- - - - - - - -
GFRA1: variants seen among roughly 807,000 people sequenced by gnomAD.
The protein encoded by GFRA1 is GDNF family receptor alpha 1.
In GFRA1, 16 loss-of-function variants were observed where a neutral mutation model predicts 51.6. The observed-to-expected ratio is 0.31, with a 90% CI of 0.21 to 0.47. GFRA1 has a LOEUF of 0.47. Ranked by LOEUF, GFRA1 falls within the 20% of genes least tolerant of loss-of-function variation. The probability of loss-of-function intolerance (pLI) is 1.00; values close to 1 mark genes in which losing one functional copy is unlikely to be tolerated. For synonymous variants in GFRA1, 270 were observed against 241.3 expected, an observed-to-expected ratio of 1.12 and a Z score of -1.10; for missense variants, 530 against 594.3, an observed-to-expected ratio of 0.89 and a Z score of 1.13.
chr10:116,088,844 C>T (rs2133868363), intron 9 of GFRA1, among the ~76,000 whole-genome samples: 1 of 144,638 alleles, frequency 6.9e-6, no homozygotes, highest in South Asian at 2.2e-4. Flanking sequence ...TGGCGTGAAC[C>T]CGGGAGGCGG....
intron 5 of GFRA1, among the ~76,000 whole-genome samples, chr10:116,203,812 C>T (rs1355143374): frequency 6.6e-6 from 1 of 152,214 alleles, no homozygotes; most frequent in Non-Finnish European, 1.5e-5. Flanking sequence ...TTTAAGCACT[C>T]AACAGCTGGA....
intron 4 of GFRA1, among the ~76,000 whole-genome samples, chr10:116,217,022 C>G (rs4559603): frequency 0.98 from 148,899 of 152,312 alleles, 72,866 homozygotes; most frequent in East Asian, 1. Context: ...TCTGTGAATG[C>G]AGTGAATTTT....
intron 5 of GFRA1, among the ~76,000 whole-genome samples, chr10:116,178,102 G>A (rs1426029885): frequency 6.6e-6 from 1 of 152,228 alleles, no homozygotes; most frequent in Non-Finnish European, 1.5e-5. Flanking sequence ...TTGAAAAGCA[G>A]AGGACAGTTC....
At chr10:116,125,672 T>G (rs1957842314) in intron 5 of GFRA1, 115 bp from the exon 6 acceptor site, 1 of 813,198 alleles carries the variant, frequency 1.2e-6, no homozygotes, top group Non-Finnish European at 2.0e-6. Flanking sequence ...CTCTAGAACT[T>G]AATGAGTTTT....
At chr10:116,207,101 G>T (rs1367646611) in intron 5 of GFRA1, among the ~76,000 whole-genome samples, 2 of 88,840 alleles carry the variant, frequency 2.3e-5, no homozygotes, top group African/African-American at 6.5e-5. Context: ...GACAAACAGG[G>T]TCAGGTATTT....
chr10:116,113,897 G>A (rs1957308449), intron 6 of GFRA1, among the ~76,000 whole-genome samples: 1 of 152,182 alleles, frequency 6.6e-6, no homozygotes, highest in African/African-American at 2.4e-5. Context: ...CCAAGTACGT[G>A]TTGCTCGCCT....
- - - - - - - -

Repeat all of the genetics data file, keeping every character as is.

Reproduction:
GFRA1: variants seen among roughly 807,000 people sequenced by gnomAD.
The protein encoded by GFRA1 is GDNF family receptor alpha 1.
In GFRA1, 16 loss-of-function variants were observed where a neutral mutation model predicts 51.6. The observed-to-expected ratio is 0.31, with a 90% CI of 0.21 to 0.47. GFRA1 has a LOEUF of 0.47. Ranked by LOEUF, GFRA1 falls within the 20% of genes least tolerant of loss-of-function variation. The probability of loss-of-function intolerance (pLI) is 1.00; values close to 1 mark genes in which losing one functional copy is unlikely to be tolerated. For synonymous variants in GFRA1, 270 were observed against 241.3 expected, an observed-to-expected ratio of 1.12 and a Z score of -1.10; for missense variants, 530 against 594.3, an observed-to-expected ratio of 0.89 and a Z score of 1.13.
chr10:116,088,844 C>T (rs2133868363), intron 9 of GFRA1, among the ~76,000 whole-genome samples: 1 of 144,638 alleles, frequency 6.9e-6, no homozygotes, highest in South Asian at 2.2e-4. Flanking sequence ...TGGCGTGAAC[C>T]CGGGAGGCGG....
intron 5 of GFRA1, among the ~76,000 whole-genome samples, chr10:116,203,812 C>T (rs1355143374): frequency 6.6e-6 from 1 of 152,214 alleles, no homozygotes; most frequent in Non-Finnish European, 1.5e-5. Flanking sequence ...TTTAAGCACT[C>T]AACAGCTGGA....
intron 4 of GFRA1, among the ~76,000 whole-genome samples, chr10:116,217,022 C>G (rs4559603): frequency 0.98 from 148,899 of 152,312 alleles, 72,866 homozygotes; most frequent in East Asian, 1. Context: ...TCTGTGAATG[C>G]AGTGAATTTT....
intron 5 of GFRA1, among the ~76,000 whole-genome samples, chr10:116,178,102 G>A (rs1426029885): frequency 6.6e-6 from 1 of 152,228 alleles, no homozygotes; most frequent in Non-Finnish European, 1.5e-5. Flanking sequence ...TTGAAAAGCA[G>A]AGGACAGTTC....
At chr10:116,125,672 T>G (rs1957842314) in intron 5 of GFRA1, 115 bp from the exon 6 acceptor site, 1 of 813,198 alleles carries the variant, frequency 1.2e-6, no homozygotes, top group Non-Finnish European at 2.0e-6. Flanking sequence ...CTCTAGAACT[T>G]AATGAGTTTT....
At chr10:116,207,101 G>T (rs1367646611) in intron 5 of GFRA1, among the ~76,000 whole-genome samples, 2 of 88,840 alleles carry the variant, frequency 2.3e-5, no homozygotes, top group African/African-American at 6.5e-5. Context: ...GACAAACAGG[G>T]TCAGGTATTT....
chr10:116,113,897 G>A (rs1957308449), intron 6 of GFRA1, among the ~76,000 whole-genome samples: 1 of 152,182 alleles, frequency 6.6e-6, no homozygotes, highest in African/African-American at 2.4e-5. Context: ...CCAAGTACGT[G>A]TTGCTCGCCT....